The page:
The federal government has been forced to abandon the bulk of a controversial industrial relations bill, failing to negotiate it through the Senate.
- Only one measure in the government’s suite of reforms has passed successfully
- The government has been locked in negotiations with the Senate crossbench
- Senator Michaelia Cash says the government agreed to make changes to get the most critical part of the bill through
The only measure in the wide-ranging bill successfully passed was to legally define casual work, in an effort to avoid leaving businesses liable for potentially billions of dollars in back-pay.
Employers will also be compelled to offer casual employees either permanent part-time or full-time work after 12 months of regular shifts but Labor and the unions argue the provision is unenforceable.
The government was locked in negotiations with the Senate crossbench throughout this week, but came up largely empty-handed.
It had sought to make wide ranging changes in areas like enterprise bargaining, award simplification and wage theft.
The wage theft elements of the bill were particularly popular, enjoying broad cross-party support, but the government decided to carve it out of the bill once it became clear the bulk of the changes would not pass.
Acting Minister for Industrial Relations, Senator Michaelia Cash, said the government was willing to make changes needed to get the most critical part of the bill passed.
“Today as a government we recognise that we do not have the numbers in the Senate,” she said.
“In order to pass legislation we must negotiate, and again I thank those in the crossbench that have negotiated openly and constructively with the government.”
But some members of the crossbench, like Centre Alliance Senator Stirling Griff, were scathing about the decision to remove the wage theft provisions.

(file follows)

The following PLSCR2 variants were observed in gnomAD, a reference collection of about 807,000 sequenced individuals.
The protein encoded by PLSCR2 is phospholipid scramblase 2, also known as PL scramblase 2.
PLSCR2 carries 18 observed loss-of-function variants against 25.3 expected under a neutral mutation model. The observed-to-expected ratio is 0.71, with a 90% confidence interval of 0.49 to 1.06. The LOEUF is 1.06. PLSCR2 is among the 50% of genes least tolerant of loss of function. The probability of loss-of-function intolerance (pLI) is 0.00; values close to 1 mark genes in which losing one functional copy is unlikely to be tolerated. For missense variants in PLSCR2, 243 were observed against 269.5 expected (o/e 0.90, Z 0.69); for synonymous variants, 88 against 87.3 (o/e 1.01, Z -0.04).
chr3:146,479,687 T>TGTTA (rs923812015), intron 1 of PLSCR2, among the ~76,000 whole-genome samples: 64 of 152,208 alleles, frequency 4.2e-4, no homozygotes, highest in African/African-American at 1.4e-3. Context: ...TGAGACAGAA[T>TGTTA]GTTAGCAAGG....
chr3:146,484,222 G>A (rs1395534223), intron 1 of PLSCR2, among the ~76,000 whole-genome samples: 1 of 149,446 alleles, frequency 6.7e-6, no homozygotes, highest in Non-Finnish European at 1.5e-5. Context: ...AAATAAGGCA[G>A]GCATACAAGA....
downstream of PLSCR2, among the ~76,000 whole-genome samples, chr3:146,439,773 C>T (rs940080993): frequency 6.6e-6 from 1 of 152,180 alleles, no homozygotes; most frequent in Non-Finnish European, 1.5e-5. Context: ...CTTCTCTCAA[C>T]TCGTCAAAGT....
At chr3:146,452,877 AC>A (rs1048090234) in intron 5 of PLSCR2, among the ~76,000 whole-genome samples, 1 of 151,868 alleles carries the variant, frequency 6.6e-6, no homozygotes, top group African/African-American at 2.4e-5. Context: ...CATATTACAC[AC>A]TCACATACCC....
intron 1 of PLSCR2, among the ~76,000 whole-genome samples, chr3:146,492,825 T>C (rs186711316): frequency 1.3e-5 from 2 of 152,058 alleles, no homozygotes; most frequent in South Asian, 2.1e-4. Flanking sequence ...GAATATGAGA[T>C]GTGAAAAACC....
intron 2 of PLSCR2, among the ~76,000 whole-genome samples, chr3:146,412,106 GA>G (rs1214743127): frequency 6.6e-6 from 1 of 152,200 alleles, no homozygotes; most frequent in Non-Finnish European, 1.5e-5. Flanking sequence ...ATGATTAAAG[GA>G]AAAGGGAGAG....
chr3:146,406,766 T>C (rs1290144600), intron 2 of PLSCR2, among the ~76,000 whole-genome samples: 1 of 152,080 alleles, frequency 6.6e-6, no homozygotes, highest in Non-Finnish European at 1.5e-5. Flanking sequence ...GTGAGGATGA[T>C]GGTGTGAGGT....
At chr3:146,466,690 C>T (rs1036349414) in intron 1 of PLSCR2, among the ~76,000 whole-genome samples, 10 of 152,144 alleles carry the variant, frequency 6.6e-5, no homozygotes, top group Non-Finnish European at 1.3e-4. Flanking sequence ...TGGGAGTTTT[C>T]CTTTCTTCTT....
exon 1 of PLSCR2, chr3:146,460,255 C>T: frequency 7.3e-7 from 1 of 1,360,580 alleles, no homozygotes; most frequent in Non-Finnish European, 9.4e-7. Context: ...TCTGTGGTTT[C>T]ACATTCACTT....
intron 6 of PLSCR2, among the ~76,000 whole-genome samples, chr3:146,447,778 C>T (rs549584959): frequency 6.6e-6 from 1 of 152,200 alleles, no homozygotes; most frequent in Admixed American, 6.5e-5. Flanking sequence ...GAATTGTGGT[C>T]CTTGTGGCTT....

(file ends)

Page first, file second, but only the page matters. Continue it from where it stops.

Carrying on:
“Shame on you all for trashing such an important amendment,” he told the Senate.
The bill must now return to the House for final passage.
Casual work to be legally defined for the first time
The genesis of the bill was an attempt to define casual work, and after months of work on the omnibus bill it is almost all that remains.
Casual work had not before been legally defined, until the Federal Court last year decided that anyone doing “regular, certain, continuing, constant and predictable” shifts was entitled to full-time entitlements.
It sparked fears that without a new definition, business could be liable for billions of dollars in backpay despite paying employees a casual leave loading.
The bill defines casuals as someone offered work without “firm, advance commitment” of ongoing opportunities, and eliminates the risk of backpay.
The ACTU and Council of Small Business had, in a rare show of unity between the unions and the employer group, provided an alternative and more specific definition of casual work.
Some of the other changes to workers’ rights have been left with an uncertain future.(Flickr: Pam Loves Pie
It was eventually adopted by Labor and introduced as an amendment, but was voted down in the Senate.